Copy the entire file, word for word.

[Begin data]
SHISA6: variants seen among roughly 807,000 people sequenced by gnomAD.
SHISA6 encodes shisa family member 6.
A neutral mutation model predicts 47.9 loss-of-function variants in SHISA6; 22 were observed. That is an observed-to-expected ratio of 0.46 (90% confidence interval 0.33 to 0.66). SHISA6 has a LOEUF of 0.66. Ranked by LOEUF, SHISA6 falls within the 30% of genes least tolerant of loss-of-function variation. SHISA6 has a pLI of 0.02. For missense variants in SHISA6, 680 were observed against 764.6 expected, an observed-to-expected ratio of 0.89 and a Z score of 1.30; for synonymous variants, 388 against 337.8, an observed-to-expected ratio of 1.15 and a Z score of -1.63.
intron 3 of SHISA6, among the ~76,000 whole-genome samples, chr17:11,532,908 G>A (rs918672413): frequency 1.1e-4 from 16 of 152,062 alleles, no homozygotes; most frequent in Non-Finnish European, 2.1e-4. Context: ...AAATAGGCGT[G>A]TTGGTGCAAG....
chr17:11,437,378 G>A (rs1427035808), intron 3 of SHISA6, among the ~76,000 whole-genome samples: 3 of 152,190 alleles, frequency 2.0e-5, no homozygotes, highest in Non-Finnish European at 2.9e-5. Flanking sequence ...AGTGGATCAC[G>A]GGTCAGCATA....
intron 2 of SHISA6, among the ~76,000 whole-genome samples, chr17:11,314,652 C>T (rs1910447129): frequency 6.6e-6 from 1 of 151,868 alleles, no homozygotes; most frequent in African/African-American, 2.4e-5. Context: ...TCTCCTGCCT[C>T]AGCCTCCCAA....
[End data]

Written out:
SHISA6: variants seen among roughly 807,000 people sequenced by gnomAD.
SHISA6 encodes shisa family member 6.
A neutral mutation model predicts 47.9 loss-of-function variants in SHISA6; 22 were observed. That is an observed-to-expected ratio of 0.46 (90% confidence interval 0.33 to 0.66). SHISA6 has a LOEUF of 0.66. Ranked by LOEUF, SHISA6 falls within the 30% of genes least tolerant of loss-of-function variation. SHISA6 has a pLI of 0.02. For missense variants in SHISA6, 680 were observed against 764.6 expected, an observed-to-expected ratio of 0.89 and a Z score of 1.30; for synonymous variants, 388 against 337.8, an observed-to-expected ratio of 1.15 and a Z score of -1.63.
intron 3 of SHISA6, among the ~76,000 whole-genome samples, chr17:11,532,908 G>A (rs918672413): frequency 1.1e-4 from 16 of 152,062 alleles, no homozygotes; most frequent in Non-Finnish European, 2.1e-4. Context: ...AAATAGGCGT[G>A]TTGGTGCAAG....
chr17:11,437,378 G>A (rs1427035808), intron 3 of SHISA6, among the ~76,000 whole-genome samples: 3 of 152,190 alleles, frequency 2.0e-5, no homozygotes, highest in Non-Finnish European at 2.9e-5. Flanking sequence ...AGTGGATCAC[G>A]GGTCAGCATA....
intron 2 of SHISA6, among the ~76,000 whole-genome samples, chr17:11,314,652 C>T (rs1910447129): frequency 6.6e-6 from 1 of 151,868 alleles, no homozygotes; most frequent in African/African-American, 2.4e-5. Context: ...TCTCCTGCCT[C>T]AGCCTCCCAA....